Instead it’s better to focus on your awareness on when and how you procrastinate to understand if there’s a pattern or where it can be linked to certain factors or situations. There are a variety of questions you can ask yourself and look at what comes to mind without placing value judgments on your answers?

  • Does it happen at regular points in the day or week?
  • Is it a problem with certain tasks?
  • Is there some other common element in your procrastination?
  • What do you do instead of that task when you’re procrastinating?
  • How do you feel when you’re facing a task that you procrastinate over?
  • How do you feel when you’re in full blown procrastination mode?

I’d suggest the answer to the last question at least is ‘not great, guilty, bad’.

Can you be a productive procrastinator?

Full-blown procrastination isn’t really a good thing. It wastes your time, put off the jobs you need to get done and leaves you feeling bad about yourself. But in saying all that, I’m going to propose a slightly radical approach to treating procrastination.

Now not being a psychologist, I can’t vouch for the psychological basis of this approach. However, I do feel confident in saying that finding flexible strategies that work, while being realistic about the issue and avoiding judging yourself is a helpful way to approach the problem of procrastination. I also know of some very successful (and high-earning) freelancers who have openly confessed to suffering from procrastination, so I think you can make it work for you.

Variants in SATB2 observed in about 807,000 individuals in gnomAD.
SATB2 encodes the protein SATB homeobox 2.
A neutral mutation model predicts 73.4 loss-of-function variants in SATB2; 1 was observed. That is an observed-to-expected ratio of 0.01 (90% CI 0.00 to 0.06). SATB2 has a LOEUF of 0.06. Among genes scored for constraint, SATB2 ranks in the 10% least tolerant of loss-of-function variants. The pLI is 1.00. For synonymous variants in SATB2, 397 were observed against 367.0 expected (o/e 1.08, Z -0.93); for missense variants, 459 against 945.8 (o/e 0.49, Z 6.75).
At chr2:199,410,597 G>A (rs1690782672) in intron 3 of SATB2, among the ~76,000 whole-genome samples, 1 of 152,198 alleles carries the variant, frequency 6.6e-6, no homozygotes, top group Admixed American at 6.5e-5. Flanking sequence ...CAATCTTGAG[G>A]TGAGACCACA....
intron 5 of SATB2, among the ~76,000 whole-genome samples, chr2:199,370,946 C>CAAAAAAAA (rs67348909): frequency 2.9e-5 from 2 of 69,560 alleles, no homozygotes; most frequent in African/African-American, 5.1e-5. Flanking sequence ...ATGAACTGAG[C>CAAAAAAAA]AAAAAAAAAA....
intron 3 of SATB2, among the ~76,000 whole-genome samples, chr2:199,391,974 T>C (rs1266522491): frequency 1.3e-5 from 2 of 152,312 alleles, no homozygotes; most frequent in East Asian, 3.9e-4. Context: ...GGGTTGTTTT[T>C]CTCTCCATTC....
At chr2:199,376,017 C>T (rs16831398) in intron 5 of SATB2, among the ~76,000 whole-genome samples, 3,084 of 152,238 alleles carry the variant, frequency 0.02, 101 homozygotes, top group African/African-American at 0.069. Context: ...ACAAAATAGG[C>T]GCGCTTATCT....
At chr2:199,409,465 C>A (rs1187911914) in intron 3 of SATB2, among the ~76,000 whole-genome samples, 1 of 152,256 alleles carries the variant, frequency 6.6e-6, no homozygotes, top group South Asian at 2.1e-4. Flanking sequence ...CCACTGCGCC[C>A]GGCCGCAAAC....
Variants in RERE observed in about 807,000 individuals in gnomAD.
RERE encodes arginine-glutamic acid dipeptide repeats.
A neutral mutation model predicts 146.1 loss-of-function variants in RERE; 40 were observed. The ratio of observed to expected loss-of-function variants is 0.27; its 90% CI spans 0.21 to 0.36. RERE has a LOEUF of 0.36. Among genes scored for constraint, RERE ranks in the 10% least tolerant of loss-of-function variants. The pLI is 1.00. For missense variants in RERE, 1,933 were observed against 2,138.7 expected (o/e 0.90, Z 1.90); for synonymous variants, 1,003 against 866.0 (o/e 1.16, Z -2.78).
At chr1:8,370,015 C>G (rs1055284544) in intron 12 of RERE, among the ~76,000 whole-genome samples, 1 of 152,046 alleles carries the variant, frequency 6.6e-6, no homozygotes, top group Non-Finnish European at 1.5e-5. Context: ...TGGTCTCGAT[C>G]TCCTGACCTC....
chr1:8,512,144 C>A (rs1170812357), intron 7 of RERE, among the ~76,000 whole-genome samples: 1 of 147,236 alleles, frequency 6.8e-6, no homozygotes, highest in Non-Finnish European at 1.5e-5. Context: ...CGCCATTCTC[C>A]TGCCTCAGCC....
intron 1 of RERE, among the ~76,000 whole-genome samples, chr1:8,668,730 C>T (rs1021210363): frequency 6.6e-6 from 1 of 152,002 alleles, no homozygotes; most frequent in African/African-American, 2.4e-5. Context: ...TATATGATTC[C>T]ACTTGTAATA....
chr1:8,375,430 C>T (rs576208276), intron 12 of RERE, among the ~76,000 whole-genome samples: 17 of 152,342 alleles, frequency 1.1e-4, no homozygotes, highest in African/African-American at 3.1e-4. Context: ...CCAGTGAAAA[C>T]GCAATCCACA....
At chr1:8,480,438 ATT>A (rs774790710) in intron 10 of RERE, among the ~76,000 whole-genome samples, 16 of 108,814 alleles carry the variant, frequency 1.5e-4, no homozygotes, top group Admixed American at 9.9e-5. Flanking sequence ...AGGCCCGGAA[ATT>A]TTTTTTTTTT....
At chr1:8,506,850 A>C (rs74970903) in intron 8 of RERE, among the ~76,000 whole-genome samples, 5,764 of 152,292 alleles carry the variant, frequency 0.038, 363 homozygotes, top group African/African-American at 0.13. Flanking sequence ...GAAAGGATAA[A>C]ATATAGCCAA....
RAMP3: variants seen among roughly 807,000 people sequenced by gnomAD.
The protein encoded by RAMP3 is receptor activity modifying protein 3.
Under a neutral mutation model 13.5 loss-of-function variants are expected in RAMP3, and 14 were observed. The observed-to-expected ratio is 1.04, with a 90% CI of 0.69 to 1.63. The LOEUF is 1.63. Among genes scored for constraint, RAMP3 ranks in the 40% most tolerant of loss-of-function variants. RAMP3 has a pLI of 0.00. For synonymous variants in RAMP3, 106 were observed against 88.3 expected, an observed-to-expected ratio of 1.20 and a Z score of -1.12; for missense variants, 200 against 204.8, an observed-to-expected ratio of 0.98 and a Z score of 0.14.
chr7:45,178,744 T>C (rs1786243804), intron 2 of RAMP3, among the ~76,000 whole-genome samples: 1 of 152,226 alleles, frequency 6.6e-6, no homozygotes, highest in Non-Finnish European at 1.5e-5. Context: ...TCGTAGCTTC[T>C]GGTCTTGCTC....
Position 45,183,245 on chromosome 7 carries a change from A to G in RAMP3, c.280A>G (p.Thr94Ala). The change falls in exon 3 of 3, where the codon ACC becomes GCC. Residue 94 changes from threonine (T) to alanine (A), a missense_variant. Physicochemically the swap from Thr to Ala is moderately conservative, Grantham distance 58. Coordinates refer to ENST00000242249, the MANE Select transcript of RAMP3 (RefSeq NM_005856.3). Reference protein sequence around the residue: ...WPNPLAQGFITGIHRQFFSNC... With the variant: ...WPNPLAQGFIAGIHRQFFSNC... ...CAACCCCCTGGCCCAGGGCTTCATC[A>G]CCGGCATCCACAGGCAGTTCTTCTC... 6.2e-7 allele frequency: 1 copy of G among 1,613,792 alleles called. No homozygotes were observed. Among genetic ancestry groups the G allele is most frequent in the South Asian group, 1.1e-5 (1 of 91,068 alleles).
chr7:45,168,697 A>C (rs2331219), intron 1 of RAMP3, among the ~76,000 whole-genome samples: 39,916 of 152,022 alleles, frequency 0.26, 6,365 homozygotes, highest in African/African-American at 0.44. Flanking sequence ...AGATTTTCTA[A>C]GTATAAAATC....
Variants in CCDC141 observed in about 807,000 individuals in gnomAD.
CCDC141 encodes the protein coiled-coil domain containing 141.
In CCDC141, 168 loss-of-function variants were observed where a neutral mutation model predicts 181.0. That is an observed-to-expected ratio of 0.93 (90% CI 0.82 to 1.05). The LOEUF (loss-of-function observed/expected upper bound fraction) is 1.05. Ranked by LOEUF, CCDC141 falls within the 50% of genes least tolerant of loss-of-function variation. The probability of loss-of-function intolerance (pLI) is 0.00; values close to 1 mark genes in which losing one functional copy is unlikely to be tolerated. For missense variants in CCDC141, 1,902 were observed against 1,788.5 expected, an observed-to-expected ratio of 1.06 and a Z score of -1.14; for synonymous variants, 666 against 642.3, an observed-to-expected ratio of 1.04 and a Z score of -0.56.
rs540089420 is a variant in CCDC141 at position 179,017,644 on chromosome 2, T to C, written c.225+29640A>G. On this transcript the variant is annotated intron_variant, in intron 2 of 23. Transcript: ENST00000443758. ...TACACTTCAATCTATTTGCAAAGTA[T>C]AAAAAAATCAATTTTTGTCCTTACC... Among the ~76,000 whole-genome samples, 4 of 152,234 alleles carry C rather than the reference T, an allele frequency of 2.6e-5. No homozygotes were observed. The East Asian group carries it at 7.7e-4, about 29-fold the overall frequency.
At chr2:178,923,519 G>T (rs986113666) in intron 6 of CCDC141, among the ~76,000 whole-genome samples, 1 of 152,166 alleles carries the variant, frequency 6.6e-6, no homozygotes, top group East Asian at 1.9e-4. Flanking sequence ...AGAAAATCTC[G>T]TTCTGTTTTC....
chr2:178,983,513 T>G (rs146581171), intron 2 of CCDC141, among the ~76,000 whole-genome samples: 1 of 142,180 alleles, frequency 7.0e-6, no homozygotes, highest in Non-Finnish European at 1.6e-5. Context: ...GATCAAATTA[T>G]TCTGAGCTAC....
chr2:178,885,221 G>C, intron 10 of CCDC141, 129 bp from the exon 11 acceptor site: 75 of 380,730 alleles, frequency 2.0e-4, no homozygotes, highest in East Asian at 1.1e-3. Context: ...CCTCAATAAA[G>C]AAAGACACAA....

To begin with, I’d suggest that it’s possible to reframe some procrastination as necessary thinking and mulling over time. So often in work we’re judged by the measure of productivity being about purely output. Now of course we must get things done and finished, but who’s to say how long you need to think through the task at hand or let things percolate in your mind before tacking them. If you’re a deep thinker then you may just need to build in extra time for consideration before tackling your tasks. Even if you come to the conclusion you’re a committed procrastinator then it might be more useful to just accept that and build in an amount of time in your schedule for faffing or procrastinating and take some of the stress out of the way you get things done.

Tame your procrastination habit